The Republicans opposed TVA, the Rural Electrification Administration and the Electric Home and Farm Authority, fought it tooth and nail, calling them communism and an unconstitutional interference in business. Profits, not people, are what counts for Republicans.
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A Few of My Favorite Things

Why I vote Democratic:
A Partial List

The old cannot get affordable medical insurance coverage and before Medicare they often got little or no medical care. And died.




1.My grandparents had a small farm in rural Tennessee. I spent a lot of time there as a child. When I was very little I remember my grandparents got water from a cistern. My grandmother would let the galvanized bucket fall into the cool darkness of the well, then she would turn the crank on the winch above it, bringing the weight of the water up into the light, the rope taunt and damp. She would take the bent tin ladle that hung on the well, dip it in the cool water, and then hold it for me to drink. The water was rainwater, collected from the roof, and, by means of wooden gutters, channeled into the cistern. As a child that water always tasted special to me. Cool, slightly metallic and totally magical. I never thought of the work it took to haul every bit of water we used up from that brick and concrete pit.

I also remember, if barely, my grandmother doing laundry. This involved heating water in a huge black pot over an outside fire. She would add soap and dirty clothes to the pot then push the clothes around with a long wooden spoon as the water boiled. Using the spoon she would lift each article of clothing from the bubbling water, transferring it, leaking scalding, soapy drips, to a tin tub. Then my grandmother would scrub the clothes on a washboard. After that there were rinses with more water, then the clothes were finally rung out and hung on a line to dry. That was how my grandmother kept her family's clothes clean. It was hard, back-breaking work that had to be done every week, no matter the freezing cold or the burning heat.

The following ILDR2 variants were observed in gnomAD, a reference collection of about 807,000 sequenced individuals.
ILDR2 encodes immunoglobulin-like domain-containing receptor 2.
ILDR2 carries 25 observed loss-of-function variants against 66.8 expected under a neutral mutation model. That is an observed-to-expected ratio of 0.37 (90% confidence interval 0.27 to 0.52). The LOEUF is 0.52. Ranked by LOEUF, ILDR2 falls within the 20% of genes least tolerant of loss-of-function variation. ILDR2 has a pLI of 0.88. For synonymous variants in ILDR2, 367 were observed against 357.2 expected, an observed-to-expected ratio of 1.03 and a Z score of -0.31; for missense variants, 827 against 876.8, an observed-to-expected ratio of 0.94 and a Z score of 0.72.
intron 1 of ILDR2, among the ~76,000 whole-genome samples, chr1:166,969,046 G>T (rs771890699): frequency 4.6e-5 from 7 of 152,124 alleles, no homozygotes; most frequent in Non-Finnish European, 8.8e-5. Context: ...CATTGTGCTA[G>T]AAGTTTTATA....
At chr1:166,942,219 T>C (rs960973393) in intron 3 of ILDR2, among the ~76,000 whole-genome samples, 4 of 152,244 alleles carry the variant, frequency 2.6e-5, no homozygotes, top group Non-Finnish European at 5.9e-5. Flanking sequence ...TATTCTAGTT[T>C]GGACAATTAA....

My grandparents heated their house by burning coal in a pot-bellied stove. They lit it with oil lamps, though bedtime was pretty close to sundown in those days. My grandmother cooked over a wood stove that turned her tiny kitchen into a furnace, even in winter. The toilet was an outhouse and bathing was in a tin tub. After baths were finished the water filled tub had to be laboriously pulled out of the back door and the bath water splashed into the yard.

This wasn't unusual. It was just the way things were for poor farmers. Many people had it worse than my grandparents.

Then one day when we went to my grandparent's and I found the cistern was covered over and there was a hand pump for water. I realize now that my grandfather had known some changes were coming and had had a deep well drilled.

I'm a baby boomer, born after WWII, but I still remember these things. No electric company wanted to run lines or provide power for rural people. Too expensive. Not enough profit. Consequently 90% of rural Americans had no electricity. They all lived more or less like my grandparents and pretty much as farmers had since the middle ages.

When we next came to visit my grandparents everything had changed. Now they had electricity. That meant an electric pump for the well, electric lights, an electric stove, an electric hot water heater, a refrigerator, and, best of all from my grandmother's point of view, an electric washing machine. No more hauling water up from a well. No more heating water in a black pot. No more washboard. My grandparents had finally been able to enter the 20th Century.

Everything had changed.

I didn't know why then.

I know now that the Rural Electrification Administration and TVA power had finally reached my grandparent's farm. They aren't around to ask but it's likely that they bought the appliances with TVA's Electric Home and Farm Authority assistance. EHFA was a program to help farmers buy appliances at reasonable prices financed with low interest rates.

The Republicans opposed TVA, the Rural Electrification Administration and the Electric Home and Farm Authority, fought it tooth and nail, calling them communism and an unconstitutional interference in business. Profits, not people, are what counts for Republicans. Curse you Republicans. Bless you Democrats.

If this was the only Democratic program that helped my family I would still want to vote Democratic, but this just the first.